by side of those p orbitals. And so benzene contains a ring
of continuously overlapping p orbitals. So p orbitals are considered
to be atomic orbitals. And so there are a total of
six atomic orbitals in benzene. According to MO theory,
those six atomic orbitals are going to cease to exist. And we will get six
molecular orbitals instead. And so benzene has six
molecular orbitals. Drawing out these
molecular orbitals would be a little bit too
complicated for this video. So checkout your textbook
for some nice diagrams of the six molecular
orbitals of benzene. However, it is important
to understand those six molecular orbitals in terms of
their relative energy levels. And the simplest way to do
that is to draw a frost circle. And so here I have a
circle already drawn. And inside the circle we're
going to inscribe a polygon. And since benzene is
a six-membered ring, we're going to inscribe a
hexagon in our frost circle. I'm going to go ahead and draw
a center line through the circle just to help out with
the drawing here. And when you're inscribing your
polygon in your frost circle, you always start at the bottom. So we're going to
start down here. So we're going to
inscribe a hexagon. So let's see if we can
put a hexagon in here. So we have a six sided
figure in our frost circle. The key point about
a frost circle is everywhere your
polygon intersects with your circle, that
represents the energy level of a molecular orbital. And so this intersection right
here, this intersection here, and then all the way around. And so we have our
six molecular orbitals and we have the
relative energy levels of those six molecular orbitals. So let me go ahead and
draw them over here. So we have three
molecular orbitals which are above the center line. And those are higher in energy. And we know that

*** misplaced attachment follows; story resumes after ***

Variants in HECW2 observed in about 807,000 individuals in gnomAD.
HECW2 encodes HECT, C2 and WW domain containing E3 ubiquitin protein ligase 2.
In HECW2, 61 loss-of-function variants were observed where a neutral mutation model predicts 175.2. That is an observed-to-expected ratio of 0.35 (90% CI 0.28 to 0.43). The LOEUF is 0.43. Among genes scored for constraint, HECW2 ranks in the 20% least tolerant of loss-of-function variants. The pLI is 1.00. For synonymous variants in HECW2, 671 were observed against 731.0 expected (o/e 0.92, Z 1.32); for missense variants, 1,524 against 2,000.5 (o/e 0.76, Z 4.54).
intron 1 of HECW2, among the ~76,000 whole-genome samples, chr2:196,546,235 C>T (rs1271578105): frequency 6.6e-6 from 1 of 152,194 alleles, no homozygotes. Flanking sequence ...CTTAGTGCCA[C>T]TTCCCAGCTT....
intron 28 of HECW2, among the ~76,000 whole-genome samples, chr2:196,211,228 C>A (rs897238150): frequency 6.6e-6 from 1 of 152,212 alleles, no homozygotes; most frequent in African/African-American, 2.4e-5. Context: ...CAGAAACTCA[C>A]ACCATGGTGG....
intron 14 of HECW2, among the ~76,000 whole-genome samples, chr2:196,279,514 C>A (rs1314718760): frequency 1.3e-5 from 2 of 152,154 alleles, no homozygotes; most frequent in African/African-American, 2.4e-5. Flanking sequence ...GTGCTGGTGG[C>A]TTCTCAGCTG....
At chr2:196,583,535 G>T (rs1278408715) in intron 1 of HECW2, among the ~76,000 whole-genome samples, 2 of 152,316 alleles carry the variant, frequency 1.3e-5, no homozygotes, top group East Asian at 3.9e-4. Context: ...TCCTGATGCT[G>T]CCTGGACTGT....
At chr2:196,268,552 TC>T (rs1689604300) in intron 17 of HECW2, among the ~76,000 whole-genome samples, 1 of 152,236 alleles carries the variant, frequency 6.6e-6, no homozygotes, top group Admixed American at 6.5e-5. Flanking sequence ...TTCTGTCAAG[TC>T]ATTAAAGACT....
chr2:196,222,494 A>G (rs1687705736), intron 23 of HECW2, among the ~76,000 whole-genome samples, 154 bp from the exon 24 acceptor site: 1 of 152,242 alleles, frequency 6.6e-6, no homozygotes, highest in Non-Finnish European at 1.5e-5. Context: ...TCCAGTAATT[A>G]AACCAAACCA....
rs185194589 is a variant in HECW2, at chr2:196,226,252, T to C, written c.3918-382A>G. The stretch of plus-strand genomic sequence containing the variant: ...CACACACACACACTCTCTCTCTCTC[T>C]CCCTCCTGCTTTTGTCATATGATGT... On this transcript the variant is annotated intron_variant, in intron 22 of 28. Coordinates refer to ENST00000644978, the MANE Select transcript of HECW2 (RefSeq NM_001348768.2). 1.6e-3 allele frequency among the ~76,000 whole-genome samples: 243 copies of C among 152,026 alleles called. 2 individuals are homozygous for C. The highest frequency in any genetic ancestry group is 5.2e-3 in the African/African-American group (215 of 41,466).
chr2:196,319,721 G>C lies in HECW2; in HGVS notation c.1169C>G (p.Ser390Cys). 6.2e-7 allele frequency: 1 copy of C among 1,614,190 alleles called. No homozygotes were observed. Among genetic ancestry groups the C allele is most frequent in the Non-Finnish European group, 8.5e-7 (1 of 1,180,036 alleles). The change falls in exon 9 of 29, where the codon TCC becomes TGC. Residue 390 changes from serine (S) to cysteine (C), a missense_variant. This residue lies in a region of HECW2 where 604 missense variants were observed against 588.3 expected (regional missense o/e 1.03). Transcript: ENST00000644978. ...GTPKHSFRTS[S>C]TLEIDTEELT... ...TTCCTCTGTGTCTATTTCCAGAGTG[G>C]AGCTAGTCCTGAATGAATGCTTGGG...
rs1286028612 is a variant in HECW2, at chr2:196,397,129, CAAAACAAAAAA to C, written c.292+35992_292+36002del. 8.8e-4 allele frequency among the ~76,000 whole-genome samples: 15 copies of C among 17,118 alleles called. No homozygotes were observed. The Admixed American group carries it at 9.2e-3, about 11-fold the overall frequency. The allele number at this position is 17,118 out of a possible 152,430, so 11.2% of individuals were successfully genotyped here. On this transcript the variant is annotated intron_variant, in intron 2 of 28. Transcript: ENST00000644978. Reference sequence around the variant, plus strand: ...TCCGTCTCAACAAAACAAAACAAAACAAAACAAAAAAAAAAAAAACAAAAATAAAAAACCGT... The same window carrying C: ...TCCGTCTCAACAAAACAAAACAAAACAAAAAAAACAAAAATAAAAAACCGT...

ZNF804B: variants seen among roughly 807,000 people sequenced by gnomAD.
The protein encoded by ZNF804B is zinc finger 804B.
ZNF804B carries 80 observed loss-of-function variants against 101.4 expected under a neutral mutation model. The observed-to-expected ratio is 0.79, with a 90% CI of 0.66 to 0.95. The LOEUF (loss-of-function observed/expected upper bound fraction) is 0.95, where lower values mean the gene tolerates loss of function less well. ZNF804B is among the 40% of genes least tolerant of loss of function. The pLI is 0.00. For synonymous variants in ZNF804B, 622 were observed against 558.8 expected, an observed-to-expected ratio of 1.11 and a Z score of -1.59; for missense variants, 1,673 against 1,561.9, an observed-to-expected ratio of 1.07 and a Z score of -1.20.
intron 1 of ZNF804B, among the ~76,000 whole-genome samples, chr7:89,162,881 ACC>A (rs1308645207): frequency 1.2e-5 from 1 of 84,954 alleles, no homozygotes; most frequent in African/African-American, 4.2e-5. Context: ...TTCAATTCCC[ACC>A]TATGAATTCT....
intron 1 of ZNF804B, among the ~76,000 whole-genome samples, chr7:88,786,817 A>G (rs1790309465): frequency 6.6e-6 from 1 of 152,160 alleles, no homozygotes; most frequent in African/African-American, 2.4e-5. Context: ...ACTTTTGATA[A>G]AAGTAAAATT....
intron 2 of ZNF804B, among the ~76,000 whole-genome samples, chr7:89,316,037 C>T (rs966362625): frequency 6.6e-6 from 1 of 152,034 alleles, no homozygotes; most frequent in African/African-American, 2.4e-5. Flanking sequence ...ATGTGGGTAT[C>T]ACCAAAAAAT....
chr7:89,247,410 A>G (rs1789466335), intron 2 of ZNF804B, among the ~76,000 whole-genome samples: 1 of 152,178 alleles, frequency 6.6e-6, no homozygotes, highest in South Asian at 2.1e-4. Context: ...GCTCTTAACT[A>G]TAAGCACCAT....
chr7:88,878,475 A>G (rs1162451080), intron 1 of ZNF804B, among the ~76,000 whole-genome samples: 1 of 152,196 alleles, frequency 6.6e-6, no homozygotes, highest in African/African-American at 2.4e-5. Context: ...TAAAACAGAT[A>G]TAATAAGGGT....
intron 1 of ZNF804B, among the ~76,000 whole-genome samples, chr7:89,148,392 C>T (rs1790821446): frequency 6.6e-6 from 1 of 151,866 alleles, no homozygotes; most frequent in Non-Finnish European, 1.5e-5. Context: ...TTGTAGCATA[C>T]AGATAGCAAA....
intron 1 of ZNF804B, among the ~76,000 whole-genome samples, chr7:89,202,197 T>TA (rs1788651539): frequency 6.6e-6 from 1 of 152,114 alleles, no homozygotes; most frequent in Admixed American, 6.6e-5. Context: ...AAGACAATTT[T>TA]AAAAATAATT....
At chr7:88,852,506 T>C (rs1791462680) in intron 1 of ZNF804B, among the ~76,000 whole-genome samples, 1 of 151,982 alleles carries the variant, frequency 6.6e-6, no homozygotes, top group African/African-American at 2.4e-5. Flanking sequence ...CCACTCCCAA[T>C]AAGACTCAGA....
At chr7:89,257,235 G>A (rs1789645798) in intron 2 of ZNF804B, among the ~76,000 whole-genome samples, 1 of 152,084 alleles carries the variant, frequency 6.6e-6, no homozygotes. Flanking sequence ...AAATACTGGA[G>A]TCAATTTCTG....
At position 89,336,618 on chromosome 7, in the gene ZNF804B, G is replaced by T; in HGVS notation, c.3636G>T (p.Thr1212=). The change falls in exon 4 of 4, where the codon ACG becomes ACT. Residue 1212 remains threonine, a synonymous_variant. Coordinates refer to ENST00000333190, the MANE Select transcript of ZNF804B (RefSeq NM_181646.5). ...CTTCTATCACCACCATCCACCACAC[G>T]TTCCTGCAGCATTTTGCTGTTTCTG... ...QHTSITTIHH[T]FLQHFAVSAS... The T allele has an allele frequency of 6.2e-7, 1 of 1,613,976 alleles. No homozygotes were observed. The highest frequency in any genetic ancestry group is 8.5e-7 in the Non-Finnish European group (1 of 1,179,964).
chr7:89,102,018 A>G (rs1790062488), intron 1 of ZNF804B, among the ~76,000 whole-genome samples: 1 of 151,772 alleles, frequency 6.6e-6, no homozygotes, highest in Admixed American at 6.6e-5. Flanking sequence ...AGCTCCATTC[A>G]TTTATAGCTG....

those are called antibonding molecular orbitals. So these are antibonding
molecular orbitals which are the highest in energy. But look down here, there
are three molecular orbitals which are below the
center line and those are our bonding
molecular orbitals. So those are lower in energy. And if we had some
molecular orbitals that were on the center
line, those would be non-bonding
molecular orbitals. We're going to go ahead and
fill our molecular orbitals with our pi electrons. Let me go back over here. And remember that benzene
has six pi electrons. And so filling
molecular orbitals is analogous to
electron configurations. You're going to fill the
lowest molecular orbital first. And each orbital can
hold two electrons like electron configurations. And so we're going to go
ahead and put two electrons into the lowest bonding
molecular orbital. So I have four more pi
electrons to worry about. So four more pi electrons and
I go ahead and put those in. And I have filled the bonding
molecular orbitals of benzene. So I have represented
all six pi electrons. If I think about
Huckel's rule, 4n plus 2, I have six pi electrons. So if n is equal
to 1, Huckel's rule is satisfied because I
would do 4 times 1 plus 2. And so I would get a
total of six pi electrons. And so six pi electrons
follows Huckel's rule. If we look at the
frost circle, and we look at the molecular
orbitals, we can understand Huckel's rule
a little bit better visually. So if I think about these
two electrons down here, you could think
about that's where the two comes from
in Huckel's rule. And if I think about these
four electrons up here, that would be four electrons
times our positive integer of one. So 4 times 1 plus 2
gives us 6 pi electrons. And we have filled the bonding
molecular orbitals of benzene which confers the
extra stability that we call aromaticity or
aromatic stabilization. And so benzene is aromatic. It follows our
different criteria. In the next few
videos, we're going to look at several other
examples of aromatic compounds and ions.